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The Nain Rouge (French for "red dwarf"), also called the "Demon of the Strait", is a legendary creature of the Detroit, Michigan area whose appearance is said to presage misfortune. Its origins in the early French settlement of Detroit are proposed as deriving from Norman French tales of the lutin, a type of hobgoblin, along with Native American legends of an "impish offspring of the Stone God".

History[]

There used to be a native venerated Idol in the area of Detroit that was destroyed by the first French Christian Missionaries in 1670. It was reputed to have been called the 'Manitou' Idol by the Natives. The Idol was reputed to have been in humanoid shape and was said to have been painted red and decorated by the local Erie Native Band. It was reputed to have been broken up by an axe that had been first blessed and consecrated by the missionary priests Francois Dollier de Casson and Rene de Brehant de Galinee. The region was said to be cursed by the Natives following the priests' disrespect for their culture.

Marie Caroline Watson Hamlin's 1883 Legends of Le Détroit described the Nain Rouge as a dwarf, "very red in the face, with a bright, glistening eye; instead of burning, it froze, instead of possessing depth emitted a cold gleam like the reflection from a polished surface, bewildering and dazzling all who came within its focus," and "a grinning mouth displaying sharp, pointed teeth, completed this strange face." Other accounts describe the Nain Rouge as a small creature with red or black fur covering an animal's body but with the face of an old man with "blazing red eyes and rotten teeth."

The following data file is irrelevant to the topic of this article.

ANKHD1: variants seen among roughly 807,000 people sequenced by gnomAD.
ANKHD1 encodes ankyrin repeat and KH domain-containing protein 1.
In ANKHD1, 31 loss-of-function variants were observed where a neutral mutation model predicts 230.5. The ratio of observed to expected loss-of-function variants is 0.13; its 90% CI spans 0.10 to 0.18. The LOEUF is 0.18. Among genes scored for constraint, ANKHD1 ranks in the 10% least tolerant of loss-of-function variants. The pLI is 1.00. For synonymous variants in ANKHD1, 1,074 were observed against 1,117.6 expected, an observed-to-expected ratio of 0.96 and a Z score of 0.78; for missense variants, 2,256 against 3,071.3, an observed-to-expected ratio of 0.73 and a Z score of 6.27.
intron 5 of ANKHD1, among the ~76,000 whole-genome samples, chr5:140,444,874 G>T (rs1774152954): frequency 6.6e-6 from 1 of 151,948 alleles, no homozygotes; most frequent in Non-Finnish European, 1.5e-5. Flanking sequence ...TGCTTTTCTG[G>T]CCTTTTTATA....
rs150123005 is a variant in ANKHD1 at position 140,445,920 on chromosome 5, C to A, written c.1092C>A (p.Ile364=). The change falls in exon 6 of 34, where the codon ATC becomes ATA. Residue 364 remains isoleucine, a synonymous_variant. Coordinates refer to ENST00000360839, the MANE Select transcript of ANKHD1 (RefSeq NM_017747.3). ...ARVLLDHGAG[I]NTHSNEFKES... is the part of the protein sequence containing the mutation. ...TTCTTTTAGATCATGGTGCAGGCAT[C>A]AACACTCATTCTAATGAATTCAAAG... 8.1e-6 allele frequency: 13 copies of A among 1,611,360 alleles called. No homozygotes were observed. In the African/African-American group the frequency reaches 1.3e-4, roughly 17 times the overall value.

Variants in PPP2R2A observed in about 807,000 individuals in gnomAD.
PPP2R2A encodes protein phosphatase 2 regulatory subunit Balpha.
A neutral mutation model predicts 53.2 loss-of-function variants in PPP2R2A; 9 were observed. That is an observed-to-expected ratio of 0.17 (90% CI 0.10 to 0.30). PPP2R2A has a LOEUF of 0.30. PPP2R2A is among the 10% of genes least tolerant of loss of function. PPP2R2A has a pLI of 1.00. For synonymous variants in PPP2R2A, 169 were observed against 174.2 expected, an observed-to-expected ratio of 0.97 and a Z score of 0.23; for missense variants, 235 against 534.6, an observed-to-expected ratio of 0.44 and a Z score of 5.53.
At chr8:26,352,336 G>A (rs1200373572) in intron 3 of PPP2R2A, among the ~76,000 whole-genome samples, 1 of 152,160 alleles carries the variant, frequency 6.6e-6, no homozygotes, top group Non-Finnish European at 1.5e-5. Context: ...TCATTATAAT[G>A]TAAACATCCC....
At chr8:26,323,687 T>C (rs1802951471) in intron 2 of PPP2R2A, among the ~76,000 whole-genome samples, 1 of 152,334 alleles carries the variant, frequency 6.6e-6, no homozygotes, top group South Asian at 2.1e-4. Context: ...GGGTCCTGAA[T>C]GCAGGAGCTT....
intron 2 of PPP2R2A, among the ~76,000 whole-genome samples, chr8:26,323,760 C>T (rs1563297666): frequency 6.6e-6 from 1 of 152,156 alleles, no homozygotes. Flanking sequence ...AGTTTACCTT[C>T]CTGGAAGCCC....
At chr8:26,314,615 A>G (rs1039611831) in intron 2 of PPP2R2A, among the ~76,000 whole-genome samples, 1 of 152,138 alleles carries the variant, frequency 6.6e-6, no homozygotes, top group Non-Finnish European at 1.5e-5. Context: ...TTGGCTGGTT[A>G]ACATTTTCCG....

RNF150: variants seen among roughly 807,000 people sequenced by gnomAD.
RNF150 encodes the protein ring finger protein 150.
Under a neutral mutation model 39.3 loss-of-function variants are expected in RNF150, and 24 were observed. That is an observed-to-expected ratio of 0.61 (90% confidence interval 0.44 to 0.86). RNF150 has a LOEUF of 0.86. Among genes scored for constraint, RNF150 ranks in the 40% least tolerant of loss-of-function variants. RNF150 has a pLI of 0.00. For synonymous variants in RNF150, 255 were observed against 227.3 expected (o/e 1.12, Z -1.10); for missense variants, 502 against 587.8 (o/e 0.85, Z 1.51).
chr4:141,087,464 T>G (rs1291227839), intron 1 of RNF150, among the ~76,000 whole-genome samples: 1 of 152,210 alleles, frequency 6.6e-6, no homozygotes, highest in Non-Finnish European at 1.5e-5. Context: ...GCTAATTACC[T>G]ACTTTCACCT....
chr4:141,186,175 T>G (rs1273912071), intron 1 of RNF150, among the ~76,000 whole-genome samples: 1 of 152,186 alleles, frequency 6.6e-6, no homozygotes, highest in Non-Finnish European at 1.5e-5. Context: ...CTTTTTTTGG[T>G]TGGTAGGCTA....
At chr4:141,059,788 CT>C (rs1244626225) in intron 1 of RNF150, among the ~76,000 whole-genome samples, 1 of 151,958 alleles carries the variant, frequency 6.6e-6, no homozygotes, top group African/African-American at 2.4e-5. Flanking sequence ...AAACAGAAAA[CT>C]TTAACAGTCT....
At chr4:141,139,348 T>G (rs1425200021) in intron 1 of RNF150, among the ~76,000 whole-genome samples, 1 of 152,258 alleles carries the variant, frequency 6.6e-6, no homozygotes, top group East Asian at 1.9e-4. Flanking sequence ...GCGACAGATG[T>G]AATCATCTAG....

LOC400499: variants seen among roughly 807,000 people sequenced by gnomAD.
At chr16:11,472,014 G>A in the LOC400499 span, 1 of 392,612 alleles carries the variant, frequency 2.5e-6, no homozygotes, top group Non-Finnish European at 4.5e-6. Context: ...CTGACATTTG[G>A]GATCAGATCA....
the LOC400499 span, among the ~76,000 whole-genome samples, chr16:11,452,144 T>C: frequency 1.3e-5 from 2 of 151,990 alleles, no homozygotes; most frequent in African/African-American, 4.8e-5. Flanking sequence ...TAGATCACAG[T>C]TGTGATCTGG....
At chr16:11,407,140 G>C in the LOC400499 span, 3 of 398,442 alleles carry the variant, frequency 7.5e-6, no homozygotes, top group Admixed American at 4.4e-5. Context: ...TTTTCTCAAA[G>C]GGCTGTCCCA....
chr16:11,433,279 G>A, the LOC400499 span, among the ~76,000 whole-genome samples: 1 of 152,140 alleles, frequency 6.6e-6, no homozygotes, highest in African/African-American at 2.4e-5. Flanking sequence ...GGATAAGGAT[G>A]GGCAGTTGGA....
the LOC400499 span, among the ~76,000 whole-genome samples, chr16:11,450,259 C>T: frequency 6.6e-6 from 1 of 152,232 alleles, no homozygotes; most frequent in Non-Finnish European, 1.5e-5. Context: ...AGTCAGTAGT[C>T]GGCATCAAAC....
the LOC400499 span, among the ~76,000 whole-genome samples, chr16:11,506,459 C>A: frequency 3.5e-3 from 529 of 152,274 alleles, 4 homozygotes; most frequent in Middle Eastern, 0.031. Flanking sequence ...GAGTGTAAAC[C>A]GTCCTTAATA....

According to some scholars, the legend of the Nain Rouge has its origins in local Native American beliefs of spirit creatures that inhabited the region, which were subsequently retold by European colonists.

Legend holds that the Nain Rouge's appearance would presage terrible events for the city. The creature is said to have appeared on July 30, 1763 before the Battle of Bloody Run, where 58 British soldiers were killed by Native Americans from Chief Pontiac's Ottawa tribe. Supposedly, the Nain Rouge "danced among the corpses" on the banks of the Detroit River after the battle, and the river "turned red with blood" for days after. According to the tale, all the misfortunes of Governor and General William Hull leading to the surrender of Detroit in the War of 1812 are blamed on the Nain Rouge.

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